Along the way, Ryan explained that the Pine Flat vineyards next to Sausal Creek produced some of the best Merlot of all the vineyards and it was one of the few that could be dry farmed, meaning no supplemental water was required. Dry farming requires a high vigor, deep rooting stock.
Entering the Rockaway vineyards, we began to climb up through the rolling, vine-covered hills which rise to an elevation of 750 feet. Rodney Strong purchased the property, which grows mostly Bordeaux varietals, in 2003. It produces the grapes for the single vineyard Rockaway Vineyard Cabernet Sauvignon.
As we passed a few olive trees, just barely visible from the road, Ryan explained there were more – he’d found an olive orchard on the property. Following his discovery, he’d torn out the brush and pruned the trees and, in 2014, they produced their first batch of oil from the orchard.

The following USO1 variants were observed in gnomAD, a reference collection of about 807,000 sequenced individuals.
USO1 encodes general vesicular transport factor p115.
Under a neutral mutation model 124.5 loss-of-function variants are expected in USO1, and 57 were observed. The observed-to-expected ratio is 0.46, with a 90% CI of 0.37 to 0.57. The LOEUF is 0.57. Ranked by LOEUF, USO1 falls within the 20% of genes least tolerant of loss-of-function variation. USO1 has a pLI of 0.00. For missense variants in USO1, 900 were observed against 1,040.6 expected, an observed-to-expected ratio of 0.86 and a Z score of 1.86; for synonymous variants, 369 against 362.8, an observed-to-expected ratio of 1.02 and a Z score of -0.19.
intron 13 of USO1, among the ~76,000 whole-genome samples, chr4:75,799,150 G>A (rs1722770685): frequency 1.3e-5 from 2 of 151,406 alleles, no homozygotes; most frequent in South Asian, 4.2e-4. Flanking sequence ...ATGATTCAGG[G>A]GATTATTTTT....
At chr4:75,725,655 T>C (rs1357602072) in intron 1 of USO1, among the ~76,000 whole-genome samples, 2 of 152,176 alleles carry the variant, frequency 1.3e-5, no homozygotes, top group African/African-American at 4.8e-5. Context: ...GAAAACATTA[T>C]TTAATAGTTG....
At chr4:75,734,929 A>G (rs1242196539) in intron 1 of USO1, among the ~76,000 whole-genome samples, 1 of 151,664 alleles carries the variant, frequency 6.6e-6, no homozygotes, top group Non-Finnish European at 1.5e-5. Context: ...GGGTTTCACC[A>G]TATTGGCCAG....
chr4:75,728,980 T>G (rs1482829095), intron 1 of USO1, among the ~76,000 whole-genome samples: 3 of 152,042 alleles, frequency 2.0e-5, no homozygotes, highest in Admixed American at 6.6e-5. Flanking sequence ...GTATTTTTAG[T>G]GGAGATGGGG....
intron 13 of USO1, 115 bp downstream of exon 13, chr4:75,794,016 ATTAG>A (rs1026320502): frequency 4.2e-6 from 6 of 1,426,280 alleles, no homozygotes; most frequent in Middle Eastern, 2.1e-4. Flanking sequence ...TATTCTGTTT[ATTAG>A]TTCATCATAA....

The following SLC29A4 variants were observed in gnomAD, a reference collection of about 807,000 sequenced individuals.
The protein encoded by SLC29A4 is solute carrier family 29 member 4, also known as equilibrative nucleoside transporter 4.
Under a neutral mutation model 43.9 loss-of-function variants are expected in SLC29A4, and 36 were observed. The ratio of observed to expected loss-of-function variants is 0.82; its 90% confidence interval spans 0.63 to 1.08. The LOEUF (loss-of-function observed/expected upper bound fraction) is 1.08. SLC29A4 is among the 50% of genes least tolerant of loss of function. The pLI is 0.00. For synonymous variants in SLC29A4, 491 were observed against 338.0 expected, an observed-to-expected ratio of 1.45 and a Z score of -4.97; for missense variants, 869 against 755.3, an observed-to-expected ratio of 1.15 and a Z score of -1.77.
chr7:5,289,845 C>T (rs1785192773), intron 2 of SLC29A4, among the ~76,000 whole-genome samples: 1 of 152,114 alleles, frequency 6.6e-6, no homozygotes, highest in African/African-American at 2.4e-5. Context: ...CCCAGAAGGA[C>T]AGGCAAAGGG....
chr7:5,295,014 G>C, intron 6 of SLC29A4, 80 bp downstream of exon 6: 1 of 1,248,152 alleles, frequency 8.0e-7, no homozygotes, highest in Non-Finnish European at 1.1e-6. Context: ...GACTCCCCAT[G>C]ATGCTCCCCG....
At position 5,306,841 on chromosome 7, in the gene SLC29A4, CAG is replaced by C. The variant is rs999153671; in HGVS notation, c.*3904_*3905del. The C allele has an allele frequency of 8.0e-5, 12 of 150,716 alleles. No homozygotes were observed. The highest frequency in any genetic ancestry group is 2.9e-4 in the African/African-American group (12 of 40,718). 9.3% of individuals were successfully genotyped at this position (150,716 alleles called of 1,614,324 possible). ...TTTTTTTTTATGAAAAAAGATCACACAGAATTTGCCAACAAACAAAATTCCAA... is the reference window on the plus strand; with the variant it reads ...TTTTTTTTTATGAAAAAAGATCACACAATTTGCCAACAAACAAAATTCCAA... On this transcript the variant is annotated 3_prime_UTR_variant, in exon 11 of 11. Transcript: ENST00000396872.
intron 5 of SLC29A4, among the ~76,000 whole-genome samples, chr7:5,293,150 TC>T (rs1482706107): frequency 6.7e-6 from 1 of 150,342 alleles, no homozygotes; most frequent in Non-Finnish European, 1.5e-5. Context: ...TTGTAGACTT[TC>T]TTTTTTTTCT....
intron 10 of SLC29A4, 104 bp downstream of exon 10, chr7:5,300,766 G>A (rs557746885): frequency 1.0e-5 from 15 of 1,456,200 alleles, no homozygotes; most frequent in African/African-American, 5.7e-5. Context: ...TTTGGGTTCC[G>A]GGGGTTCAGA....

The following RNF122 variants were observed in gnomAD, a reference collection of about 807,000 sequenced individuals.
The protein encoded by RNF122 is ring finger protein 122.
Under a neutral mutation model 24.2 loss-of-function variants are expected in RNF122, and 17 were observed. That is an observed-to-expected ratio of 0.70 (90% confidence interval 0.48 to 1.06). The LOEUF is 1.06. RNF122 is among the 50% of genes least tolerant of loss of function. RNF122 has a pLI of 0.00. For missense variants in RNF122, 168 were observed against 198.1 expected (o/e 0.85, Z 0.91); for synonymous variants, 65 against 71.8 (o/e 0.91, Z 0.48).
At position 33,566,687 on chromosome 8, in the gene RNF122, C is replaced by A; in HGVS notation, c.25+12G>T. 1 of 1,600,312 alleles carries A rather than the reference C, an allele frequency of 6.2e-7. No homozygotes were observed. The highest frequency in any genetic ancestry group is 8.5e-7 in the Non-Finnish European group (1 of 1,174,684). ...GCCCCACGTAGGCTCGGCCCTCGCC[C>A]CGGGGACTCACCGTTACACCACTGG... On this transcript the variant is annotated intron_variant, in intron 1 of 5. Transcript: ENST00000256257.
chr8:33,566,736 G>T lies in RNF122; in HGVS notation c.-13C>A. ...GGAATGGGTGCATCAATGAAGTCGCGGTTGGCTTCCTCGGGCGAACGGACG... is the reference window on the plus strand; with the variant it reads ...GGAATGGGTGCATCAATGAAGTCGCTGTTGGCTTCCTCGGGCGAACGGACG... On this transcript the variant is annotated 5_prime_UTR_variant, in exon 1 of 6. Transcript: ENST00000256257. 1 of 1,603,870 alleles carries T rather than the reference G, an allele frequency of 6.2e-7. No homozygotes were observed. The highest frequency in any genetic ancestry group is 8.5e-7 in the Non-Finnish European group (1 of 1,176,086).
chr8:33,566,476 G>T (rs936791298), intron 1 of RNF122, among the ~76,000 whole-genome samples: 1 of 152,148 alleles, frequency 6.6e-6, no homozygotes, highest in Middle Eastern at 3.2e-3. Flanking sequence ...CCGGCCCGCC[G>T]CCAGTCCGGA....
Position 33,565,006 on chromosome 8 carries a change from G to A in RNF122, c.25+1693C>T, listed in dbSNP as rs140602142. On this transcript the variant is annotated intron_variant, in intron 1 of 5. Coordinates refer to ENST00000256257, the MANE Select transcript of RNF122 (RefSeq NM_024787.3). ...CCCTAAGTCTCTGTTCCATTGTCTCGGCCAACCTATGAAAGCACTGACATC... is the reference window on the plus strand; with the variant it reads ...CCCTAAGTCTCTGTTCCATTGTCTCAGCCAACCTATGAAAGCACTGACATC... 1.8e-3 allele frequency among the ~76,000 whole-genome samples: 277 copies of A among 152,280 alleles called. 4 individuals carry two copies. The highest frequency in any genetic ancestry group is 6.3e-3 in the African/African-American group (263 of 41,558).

Arriving near the top of the hill, we left the car and climbed to the summit, where sweeping views of the Sonoma Valley and a bottle of Rockaway awaited our arrival.
Such an appropriate ending to our morning vineyards tour – sipping an amazing wine at such an amazing place. Standing atop Rockaway, gazing out over the Alexander Valley with its many vineyards, farms and ranches, it re-emphasized the importance that Rodney Strong places on location in artisan winemaking.
From such a vast amount of potential spots to grow grapes, narrowed down to the very place where we stood, then artfully created into a spectacular wine that made its way back again to this spot to be enjoyed with this stunning view – Rockaway at Rockaway is not your average morning.
Lunch at Catelli’s in Geyserville, California
Lunch was just a few minutes down the road at Catelli’s in Geyserville. Originally opened by Santi and Virginia Catelli in 1936, the restaurant is now owned and operated by third generation Catellis and siblings, Domenica and Nicholas Catelli, and specializes in local and organic creations served in the historic location.
A variety of appetizers, salads, and bottles of wine quickly appeared at the table, including our first sampling of a Davis Bynum wine. Rodney Strong acquired the Davis Bynum winery in 2007, and the commitment to preserving Bynum’s passion for quality winemaking is apparent throughout Rodney Strong.